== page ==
The last few days have witnessed unprecedented struggles, fracas, self-nakedness and confrontations in the Nigerian banks as citizens continue to battle with the effect of redesigning of some Nigerian currencies by the Central Bank of Nigeria (CBN) under the watch of Gov. Emefiele. While many have applauded the decision as laudable in view of the government's efforts to curb inflation and the hoarding of currency, others are of the opinion that the policy is politically motivated and it is targeted at some individuals and politicians ahead of 2023 general elections without recourse to its adverse effect on the nation's economy particularly on average Nigerian traders.
From whichever angle one looks at the policy which has now exposed average Nigerians to financial constraints resulting into open confrontations between bankers and customers, the undisputable fact remains the irrefutable and trite position of law with respect to bank-customer relationship. The relationship between banks, other financial institutions and their customer is one of fiduciary relationship by which banks are expected to honor and discharge the instructions given by their customers at any given time failure of which exposes the bank to breach of duty.
The relationship between a customer and his bank was explained by the Supreme Court in the case of U.B.N. Plc. v. Chimaeze (2014) LPELR-22699(SC); (2014) 9 NWLR (Pt. 1411) 166 per Ariwoola, JSC at pages 40-41 that: the appellant (the bank) is a fiduciary to the respondent (the customer). It owes the respondent a duty to exercise a high standard of care in managing the respondents money. Therefore, for dishonoring his cheque when his account was in credit to accommodate the amount on the cheque, the appellant had breached the fiduciary relationship between them, to which the respondent was entitled to compensation by way of damages.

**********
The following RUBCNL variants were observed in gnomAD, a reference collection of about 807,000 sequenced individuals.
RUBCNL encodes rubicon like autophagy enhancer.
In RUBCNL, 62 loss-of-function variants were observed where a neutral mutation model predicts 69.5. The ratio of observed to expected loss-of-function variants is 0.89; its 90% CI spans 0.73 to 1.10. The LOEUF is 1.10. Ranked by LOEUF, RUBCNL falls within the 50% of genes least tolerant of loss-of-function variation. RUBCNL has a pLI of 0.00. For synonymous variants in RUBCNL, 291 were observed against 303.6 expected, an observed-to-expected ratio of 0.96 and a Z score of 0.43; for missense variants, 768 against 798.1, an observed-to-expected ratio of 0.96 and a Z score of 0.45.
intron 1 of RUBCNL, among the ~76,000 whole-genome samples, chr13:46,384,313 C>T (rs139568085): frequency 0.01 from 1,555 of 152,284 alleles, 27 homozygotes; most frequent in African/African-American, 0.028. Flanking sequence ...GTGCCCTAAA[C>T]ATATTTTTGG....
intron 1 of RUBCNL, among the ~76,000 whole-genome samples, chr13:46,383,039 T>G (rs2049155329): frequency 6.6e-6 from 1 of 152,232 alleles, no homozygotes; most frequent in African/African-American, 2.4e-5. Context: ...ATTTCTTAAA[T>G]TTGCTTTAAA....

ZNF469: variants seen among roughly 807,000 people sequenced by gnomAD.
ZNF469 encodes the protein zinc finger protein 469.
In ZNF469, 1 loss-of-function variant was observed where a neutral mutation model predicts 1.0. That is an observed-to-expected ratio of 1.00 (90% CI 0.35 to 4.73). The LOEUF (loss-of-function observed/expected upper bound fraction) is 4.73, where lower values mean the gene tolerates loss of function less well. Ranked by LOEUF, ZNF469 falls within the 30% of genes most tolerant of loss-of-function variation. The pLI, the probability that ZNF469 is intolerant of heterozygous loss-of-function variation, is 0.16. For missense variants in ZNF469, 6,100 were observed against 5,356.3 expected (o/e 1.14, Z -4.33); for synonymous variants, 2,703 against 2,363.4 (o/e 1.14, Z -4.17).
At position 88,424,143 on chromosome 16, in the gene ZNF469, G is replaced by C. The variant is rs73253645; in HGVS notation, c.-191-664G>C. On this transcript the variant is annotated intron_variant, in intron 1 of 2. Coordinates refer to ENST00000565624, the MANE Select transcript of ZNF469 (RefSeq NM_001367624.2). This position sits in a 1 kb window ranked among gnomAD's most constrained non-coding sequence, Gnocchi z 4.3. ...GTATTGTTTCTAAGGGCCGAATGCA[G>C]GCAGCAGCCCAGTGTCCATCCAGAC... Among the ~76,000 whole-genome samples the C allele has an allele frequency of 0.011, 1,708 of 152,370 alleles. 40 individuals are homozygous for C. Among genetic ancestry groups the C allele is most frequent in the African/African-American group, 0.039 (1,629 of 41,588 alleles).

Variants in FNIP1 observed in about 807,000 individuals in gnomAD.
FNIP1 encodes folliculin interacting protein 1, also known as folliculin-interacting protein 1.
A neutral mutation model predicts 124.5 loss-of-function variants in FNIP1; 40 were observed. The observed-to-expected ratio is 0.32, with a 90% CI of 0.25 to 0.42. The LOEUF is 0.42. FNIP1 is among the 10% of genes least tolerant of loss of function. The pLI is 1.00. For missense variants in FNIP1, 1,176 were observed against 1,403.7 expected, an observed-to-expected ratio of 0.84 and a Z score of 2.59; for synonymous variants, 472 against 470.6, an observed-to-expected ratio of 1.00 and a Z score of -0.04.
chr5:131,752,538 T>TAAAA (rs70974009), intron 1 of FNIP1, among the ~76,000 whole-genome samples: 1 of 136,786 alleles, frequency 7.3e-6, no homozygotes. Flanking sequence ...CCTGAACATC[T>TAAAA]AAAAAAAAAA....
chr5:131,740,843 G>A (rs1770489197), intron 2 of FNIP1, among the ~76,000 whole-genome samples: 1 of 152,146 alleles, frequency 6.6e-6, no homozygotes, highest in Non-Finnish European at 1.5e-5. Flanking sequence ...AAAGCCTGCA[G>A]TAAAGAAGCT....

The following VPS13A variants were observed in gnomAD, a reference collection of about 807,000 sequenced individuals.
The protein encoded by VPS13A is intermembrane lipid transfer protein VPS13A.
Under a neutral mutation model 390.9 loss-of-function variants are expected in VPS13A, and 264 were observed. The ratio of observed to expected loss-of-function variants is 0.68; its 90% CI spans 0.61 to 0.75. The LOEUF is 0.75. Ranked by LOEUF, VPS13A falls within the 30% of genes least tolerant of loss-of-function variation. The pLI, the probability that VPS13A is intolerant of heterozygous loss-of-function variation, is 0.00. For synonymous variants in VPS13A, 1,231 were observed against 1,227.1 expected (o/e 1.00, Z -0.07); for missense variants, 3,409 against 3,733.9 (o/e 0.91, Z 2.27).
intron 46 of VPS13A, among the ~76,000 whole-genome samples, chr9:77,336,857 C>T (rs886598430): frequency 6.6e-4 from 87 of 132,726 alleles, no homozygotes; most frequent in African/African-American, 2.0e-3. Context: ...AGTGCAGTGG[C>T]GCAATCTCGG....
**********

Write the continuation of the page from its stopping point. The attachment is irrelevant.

In even more instructive terms, the relationship has been described as that of debtor and creditor with the Bank being the debtor upon receiving deposits from the customer while the Customer becomes a creditor who can demand for his money at any given time. In this regard, the court in the case of S.T.B. Ltd. v. Anumnu (2007) Vol. 29 WRN 75 at 99 lines 5-25 (CA) posited that "The legal relationship between a bank and a customer based on contract is that of creditor and debtor, or principal and agent. The creditor/principal being the customer and debtor/agent being the bank. The contractual relationship imposes a duty of care on the bank, the breach of which will impose a liability for negligence.
In the light of the foregoing, it is apparent that where a customer operates an account with bank or other financial institutions, the bank is duty bound to honor the request of the customer at any point in time particularly with regards to withdrawal and collection of funds.
This position of law was reiterated in DIAMOND BANK PLC. V. IMMARCHES NIG. LTD. 2021 LPELR-56101 CA, where it was held thus;
... Therefore, the bank is duty bound to pay it's customers' money on request as long as the customer has enough funds to cover the cheque or withdrawal slip. To do otherwise would be a breach of the Appellant's (the bank) duty to pay the Respondent (the customer) his money when requested."